10 Reasons The German People Elected Adolf Hitler

The Nazis didn’t just seize power—they were voted in. It’s hard to imagine, but there was a time when Adolf Hitler was a name on a ballot in a democratic election. He was openly fascist and anti-Semitic, but the people chose to make him their leader. They supported him while he dissolved democracy.
It’s easy to write off the rise of Nazism as a momentary lapse of reason, but the truth isn’t that simple. The people who voted for Hitler really thought they were making the best choice.

The War Guilt Clause


The fuse that sparked World War II was lit as soon as World War I ended. When peace was signed with the Treaty of Versailles, the Germans were forced to sign the “War Guilt Clause.” They had to put in writing that the war had been their fault alone.
Major restrictions were put on Germany as a result. They were forced to concede major parts of their territory. They were held responsible for all damages in the war and forced to pay 132 billion goldmarks in reparations, an expense that took up 10 percent of their annual national income.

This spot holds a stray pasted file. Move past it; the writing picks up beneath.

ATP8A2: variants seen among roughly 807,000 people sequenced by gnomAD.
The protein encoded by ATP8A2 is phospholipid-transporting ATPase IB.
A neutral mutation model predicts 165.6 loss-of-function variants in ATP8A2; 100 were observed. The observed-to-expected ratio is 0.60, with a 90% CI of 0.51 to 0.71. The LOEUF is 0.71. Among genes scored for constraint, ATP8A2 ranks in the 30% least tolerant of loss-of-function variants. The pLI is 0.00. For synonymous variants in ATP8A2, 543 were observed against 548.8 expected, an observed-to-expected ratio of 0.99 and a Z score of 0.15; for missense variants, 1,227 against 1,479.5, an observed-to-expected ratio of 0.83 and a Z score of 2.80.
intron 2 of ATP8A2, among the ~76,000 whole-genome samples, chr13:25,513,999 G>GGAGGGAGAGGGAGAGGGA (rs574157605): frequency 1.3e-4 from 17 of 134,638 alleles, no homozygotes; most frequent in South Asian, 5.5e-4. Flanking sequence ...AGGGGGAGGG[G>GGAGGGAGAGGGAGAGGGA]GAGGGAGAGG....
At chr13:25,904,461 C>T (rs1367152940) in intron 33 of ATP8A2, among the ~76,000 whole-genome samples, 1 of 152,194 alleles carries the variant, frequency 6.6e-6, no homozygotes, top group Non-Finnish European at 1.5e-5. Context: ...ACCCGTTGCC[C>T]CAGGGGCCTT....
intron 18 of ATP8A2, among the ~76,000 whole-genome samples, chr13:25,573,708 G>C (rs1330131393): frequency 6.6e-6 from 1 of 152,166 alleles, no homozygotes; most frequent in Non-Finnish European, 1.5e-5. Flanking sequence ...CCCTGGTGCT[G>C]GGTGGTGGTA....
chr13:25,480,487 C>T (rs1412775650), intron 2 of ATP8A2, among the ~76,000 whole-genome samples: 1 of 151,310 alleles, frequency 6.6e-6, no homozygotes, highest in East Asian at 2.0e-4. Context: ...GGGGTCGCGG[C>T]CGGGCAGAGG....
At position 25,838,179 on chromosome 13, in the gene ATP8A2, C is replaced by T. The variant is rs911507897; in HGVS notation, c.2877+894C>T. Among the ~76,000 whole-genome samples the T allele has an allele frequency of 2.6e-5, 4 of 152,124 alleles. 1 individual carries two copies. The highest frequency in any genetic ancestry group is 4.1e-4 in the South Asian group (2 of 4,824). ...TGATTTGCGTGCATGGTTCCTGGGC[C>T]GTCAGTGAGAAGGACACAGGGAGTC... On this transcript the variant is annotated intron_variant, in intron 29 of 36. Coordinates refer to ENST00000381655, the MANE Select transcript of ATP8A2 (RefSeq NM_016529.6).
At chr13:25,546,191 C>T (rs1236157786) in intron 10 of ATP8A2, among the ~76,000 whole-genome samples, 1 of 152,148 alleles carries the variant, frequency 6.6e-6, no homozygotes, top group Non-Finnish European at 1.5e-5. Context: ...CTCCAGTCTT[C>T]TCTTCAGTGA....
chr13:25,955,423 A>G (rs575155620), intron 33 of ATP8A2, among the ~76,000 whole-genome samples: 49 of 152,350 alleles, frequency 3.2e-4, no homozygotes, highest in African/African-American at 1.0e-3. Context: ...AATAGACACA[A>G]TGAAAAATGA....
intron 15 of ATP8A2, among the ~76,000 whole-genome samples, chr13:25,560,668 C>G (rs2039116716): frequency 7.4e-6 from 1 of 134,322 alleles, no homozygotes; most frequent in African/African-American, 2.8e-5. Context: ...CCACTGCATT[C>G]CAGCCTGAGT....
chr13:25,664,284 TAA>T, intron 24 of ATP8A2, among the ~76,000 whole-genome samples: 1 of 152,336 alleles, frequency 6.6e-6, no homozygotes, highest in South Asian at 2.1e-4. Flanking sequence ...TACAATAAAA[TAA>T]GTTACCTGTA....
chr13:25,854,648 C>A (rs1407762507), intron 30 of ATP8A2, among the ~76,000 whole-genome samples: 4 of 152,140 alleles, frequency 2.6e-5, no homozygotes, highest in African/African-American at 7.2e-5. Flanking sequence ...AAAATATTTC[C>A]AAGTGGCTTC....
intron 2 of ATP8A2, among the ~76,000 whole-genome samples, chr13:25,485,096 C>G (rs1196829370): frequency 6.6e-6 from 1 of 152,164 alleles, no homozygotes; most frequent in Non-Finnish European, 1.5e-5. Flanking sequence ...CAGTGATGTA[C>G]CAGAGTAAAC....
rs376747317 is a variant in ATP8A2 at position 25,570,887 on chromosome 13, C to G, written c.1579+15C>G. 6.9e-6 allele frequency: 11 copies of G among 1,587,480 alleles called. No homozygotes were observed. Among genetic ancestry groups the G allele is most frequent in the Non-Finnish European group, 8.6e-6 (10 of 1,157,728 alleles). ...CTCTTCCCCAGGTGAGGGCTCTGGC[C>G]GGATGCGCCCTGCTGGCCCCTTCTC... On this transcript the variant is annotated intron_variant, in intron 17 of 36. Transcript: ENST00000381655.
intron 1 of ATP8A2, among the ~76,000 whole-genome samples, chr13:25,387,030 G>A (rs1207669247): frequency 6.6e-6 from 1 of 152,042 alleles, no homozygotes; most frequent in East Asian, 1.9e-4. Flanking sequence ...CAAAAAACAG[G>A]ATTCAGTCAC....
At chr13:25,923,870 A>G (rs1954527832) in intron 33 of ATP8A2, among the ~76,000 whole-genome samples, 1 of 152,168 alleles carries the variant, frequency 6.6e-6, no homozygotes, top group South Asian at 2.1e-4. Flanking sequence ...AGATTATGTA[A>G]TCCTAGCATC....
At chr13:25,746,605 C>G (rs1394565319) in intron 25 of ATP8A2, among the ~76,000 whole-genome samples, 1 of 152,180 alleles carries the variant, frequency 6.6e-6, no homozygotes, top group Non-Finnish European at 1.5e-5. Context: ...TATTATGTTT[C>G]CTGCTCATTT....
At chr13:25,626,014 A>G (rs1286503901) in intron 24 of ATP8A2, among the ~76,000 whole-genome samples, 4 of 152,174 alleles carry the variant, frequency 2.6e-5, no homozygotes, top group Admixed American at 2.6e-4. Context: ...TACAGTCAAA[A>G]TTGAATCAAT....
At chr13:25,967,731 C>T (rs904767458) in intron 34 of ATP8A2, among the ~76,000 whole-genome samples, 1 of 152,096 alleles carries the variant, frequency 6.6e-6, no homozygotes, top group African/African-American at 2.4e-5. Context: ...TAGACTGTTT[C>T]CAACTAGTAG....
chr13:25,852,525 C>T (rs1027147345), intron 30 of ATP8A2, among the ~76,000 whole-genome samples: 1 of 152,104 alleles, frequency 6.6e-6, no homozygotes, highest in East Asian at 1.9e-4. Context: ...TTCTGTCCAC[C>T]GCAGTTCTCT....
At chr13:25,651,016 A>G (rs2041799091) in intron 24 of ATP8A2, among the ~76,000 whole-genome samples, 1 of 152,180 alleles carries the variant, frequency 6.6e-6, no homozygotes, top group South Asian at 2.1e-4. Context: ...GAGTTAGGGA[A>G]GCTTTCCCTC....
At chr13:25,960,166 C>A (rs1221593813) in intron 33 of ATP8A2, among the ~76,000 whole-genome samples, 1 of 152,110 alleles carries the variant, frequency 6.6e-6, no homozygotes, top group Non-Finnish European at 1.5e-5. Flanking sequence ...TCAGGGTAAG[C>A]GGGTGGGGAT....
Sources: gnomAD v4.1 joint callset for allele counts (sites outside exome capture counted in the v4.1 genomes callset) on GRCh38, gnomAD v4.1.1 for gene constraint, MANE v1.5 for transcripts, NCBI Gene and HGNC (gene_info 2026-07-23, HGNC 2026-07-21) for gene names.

Their military was kept in extreme checks. The German army was limited to 100,000 men with no air force allowed at all. To most of the world, this was the beginning of a golden era of peace. But to many Germans, these were unfair restrictions that left them crippled.
From the very start, right-wing groups like the Nazis campaigned to tear up the Treaty of Versailles. They called it a “dictated peace” that oppressed the nation. At first, most Germans were so tired of war that they didn’t fight it. But, as the consequence of the treaty played out, that started to change.

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